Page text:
In one scene, for instance, we hear a woman, or rather a synthetically engineered replicant clone named Sonmi-451 (Doona Bae), express her undying devotion to her recently deceased lover (Jim Sturgess), just before she is to be executed, and the film flashes back all the way to its earliest story, showing us a man who has just returned home to his wife after a long voyage. These scenes are potentially affecting in and of themselves, but it is what’s implied in the cut, the leap, from one back in time to the other, that makes this moment truly resonate: the lovers in both scenes are played by the same actor and actress, so the cut stitches together these two pairs of souls, the uniting of one couple in turn healing the pain of permanent separation experienced by the other. The effect is thrilling and new, something perhaps never witnessed ever before in cinema on this scale, and despite the film’s significant dept to its literary origins, this is a decidedly cinematic effect: it is because we identify these individuals with their actors’ bodies first and foremost—this is true even when the characters are under makeup and prosthetics, as they frequently are—that we draw links between these characters that function quite differently than anything literature can achieve.
The romanticism of this reunion of lovers is central to Cloud Atlas’ aims, but the film is not limited to the merely amorous dimension of interpersonal connection. Many will interpret the film rather simplistically as a well-intentioned plea for equality and against oppression, linking the racism of the slave-owning era to the impersonal destructiveness of rampant capitalism all the way to a future world where clones live a monstrous existence as machine-like servants, even more completely dehumanized than slaves. But Cloud Atlas concerns itself with a more elemental dimension of human interrelationality, embodied in the deeply moving relationship between a wealthy white man (the lover attempting to return home from his voyage, played by the aforementioned Sturgess) and a slave (David Gyasi) who become friends simply because the former looks the latter directly in the eye, a moment that is characteristic of the film in being simultaneously small and momentous. Far from a trite, sentimental plot point, this connection is one of the many moments that links Cloud Atlas with such philosophers as Martin Buber and Emmanuel Levinas, who emphasized the transcendent ethical duty that flows out of the direct, face-to-face meeting of two individuals, and the film unites these small acts wherein characters acknowledge each other’s humanity with monumental consequences by, for instance, having Sturgess play not only a man willing to recognize a slave as his equal but also the future leader of a rebellion against oppression. The relationship between the varied characters each actor plays is never made clear—is it a kind of reincarnation or merely some form of synchronicity like the butterfly effect?—but Cloud Atlas is greater for leaving these interconnections mysterious, more poetic than explanatory.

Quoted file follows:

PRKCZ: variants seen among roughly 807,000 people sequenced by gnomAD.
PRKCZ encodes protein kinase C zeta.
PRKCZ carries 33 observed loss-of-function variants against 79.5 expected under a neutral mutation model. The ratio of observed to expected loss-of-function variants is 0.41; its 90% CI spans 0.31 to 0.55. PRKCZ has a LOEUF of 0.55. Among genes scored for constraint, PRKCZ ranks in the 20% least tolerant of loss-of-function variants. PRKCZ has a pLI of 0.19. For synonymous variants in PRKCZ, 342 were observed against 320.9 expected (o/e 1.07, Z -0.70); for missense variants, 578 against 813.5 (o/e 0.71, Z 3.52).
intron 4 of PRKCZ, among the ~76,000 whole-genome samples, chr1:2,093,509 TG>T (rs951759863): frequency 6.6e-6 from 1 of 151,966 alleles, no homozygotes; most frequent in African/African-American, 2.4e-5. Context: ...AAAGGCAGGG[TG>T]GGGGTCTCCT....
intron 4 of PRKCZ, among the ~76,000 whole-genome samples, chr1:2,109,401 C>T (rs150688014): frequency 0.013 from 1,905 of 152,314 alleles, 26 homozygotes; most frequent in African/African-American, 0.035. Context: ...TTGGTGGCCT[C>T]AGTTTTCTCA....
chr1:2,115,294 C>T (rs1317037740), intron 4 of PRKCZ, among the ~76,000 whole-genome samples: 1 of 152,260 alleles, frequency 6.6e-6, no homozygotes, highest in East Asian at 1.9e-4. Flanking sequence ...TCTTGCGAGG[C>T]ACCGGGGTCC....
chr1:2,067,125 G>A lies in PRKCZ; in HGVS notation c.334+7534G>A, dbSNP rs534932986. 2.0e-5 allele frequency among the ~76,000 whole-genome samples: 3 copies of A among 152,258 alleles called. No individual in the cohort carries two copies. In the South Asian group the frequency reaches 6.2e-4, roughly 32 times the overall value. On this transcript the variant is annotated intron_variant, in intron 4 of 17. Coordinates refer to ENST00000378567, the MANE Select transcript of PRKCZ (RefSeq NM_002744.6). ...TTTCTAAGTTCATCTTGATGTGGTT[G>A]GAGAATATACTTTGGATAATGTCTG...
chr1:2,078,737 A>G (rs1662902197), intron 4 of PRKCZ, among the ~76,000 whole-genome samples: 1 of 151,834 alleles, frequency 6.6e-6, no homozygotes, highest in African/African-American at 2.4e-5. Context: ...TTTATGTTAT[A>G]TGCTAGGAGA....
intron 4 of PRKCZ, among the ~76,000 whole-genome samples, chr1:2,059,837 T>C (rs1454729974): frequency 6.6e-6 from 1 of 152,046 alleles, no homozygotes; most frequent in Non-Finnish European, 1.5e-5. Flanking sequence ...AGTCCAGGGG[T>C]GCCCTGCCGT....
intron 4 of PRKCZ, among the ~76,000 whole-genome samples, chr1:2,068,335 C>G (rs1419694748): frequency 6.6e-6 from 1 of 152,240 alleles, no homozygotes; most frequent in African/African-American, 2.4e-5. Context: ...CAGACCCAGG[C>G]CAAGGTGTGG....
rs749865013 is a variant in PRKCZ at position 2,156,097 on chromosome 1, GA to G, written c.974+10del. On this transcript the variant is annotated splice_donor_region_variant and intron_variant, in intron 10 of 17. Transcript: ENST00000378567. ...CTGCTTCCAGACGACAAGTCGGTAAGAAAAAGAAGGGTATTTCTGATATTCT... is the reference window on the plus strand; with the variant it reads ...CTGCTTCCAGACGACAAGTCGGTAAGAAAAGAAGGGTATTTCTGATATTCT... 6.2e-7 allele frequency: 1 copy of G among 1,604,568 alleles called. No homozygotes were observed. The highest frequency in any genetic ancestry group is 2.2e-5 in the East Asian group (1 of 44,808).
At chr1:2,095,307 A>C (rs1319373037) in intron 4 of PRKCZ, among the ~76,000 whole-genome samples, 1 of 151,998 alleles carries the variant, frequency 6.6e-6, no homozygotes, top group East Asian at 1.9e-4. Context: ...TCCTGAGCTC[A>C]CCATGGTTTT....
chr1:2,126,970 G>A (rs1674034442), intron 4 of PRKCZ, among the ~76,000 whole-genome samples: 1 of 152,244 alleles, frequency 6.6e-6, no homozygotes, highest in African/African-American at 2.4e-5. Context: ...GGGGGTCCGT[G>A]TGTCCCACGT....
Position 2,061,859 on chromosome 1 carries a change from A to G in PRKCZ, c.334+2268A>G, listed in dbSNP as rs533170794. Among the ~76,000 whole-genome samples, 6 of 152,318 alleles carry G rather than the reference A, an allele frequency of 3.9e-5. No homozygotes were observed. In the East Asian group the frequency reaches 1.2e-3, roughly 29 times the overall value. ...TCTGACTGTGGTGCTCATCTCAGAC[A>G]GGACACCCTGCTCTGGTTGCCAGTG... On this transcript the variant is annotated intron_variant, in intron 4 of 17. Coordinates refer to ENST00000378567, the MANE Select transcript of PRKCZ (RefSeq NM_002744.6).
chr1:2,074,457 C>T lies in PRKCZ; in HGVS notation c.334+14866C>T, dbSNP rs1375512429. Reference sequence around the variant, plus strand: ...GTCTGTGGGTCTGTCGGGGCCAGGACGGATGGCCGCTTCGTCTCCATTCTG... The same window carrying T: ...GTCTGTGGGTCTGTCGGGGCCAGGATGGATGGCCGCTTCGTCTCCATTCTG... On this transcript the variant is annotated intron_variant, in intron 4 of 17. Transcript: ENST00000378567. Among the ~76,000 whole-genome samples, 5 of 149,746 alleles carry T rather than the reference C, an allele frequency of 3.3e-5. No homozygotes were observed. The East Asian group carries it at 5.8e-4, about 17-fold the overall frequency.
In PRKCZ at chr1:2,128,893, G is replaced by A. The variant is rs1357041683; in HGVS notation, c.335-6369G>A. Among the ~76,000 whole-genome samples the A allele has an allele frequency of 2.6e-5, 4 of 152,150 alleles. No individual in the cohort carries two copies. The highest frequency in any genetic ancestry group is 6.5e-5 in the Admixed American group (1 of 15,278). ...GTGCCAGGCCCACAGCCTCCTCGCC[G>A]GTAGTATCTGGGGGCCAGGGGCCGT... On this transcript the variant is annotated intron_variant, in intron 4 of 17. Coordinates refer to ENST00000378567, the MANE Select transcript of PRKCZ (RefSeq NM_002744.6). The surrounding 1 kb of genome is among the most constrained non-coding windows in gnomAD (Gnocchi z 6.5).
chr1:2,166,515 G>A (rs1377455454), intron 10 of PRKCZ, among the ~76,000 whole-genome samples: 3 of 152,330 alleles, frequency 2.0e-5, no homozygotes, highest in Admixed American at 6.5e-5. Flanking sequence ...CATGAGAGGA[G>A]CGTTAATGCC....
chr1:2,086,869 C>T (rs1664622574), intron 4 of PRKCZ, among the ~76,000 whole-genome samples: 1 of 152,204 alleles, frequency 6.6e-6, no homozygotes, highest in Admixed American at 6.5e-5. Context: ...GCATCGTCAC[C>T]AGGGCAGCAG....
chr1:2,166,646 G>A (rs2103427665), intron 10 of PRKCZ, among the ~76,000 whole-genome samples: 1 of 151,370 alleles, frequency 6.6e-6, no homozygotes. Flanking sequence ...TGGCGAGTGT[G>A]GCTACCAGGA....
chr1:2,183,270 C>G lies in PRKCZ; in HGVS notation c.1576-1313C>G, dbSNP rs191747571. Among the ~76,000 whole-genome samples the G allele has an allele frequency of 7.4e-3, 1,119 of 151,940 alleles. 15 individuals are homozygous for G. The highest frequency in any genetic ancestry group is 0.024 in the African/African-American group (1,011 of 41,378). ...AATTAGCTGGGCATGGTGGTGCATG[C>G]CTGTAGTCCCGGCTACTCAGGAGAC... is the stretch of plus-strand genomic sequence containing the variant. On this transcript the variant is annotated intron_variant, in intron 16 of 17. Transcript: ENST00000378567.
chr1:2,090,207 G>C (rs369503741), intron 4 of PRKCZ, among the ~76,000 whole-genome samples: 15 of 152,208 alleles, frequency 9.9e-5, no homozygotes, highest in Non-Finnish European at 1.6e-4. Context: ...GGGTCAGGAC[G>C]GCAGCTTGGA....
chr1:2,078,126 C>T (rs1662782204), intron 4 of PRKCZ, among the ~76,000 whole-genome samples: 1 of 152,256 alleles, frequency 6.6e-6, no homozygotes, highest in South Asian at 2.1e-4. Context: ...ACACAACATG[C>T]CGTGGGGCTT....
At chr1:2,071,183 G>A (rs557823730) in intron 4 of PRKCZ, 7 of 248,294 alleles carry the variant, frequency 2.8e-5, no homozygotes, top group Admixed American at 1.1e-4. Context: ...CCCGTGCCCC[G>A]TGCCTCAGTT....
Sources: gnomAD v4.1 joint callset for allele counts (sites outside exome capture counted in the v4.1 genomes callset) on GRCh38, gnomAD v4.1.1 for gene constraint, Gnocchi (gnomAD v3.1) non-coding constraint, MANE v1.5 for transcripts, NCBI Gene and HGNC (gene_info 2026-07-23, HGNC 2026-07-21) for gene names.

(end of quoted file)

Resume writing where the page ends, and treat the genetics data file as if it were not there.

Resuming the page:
The stories of Cloud Atlas are variations on this theme of interpersonal responsibility, exploring the foundations of our ethical commitment to the other, each story bringing all the others into multiple and varied points of focus. As such, it is a deeply metaphysical, even religious film (“re-ligio” as the retying of a bond): more than a few times, Cloud Atlas recalls the Jewish teaching that to destroy or save one life is like destroying or saving the whole world. Instead of favoring contemporary liberalism’s view of history as rational progress along a linear path, Cloud Atlas identifies a continual resurfacing of our fundamental ethical challenge in the cyclical dilation and contraction of our capacity for openness and responsiveness. Correspondingly, the way Tykwer and the Wachowskis modulate the film’s tone from story to story compresses and expands the scale of humanity like an accordion. A tale of an old man (Jim Broadbent as Timothy Cavendish, an initially self-involved literary publisher) escaping from a retirement home attains a mock-grandeur the places it on the same level as another story about the fate of humankind. There is also the beautiful, tender love story of composer Robert Frobisher (Ben Whishaw) and Rufus Sixsmith (James D’Arcy), which places the romantic dimension of relationality on equal footing with the more heroic aspects of the other stories. That all of these are equal suggests not that all actions or fates are the same but that each movement towards the humanistic ideal embodied by the film is momentous in and of itself, in whatever form it takes. Like any parable, Cloud Atlas’ core is shockingly simple, but the depth of the ethical world it constructs, connecting actions separated by decades and centuries, is nothing short of ennobling in its massive scope.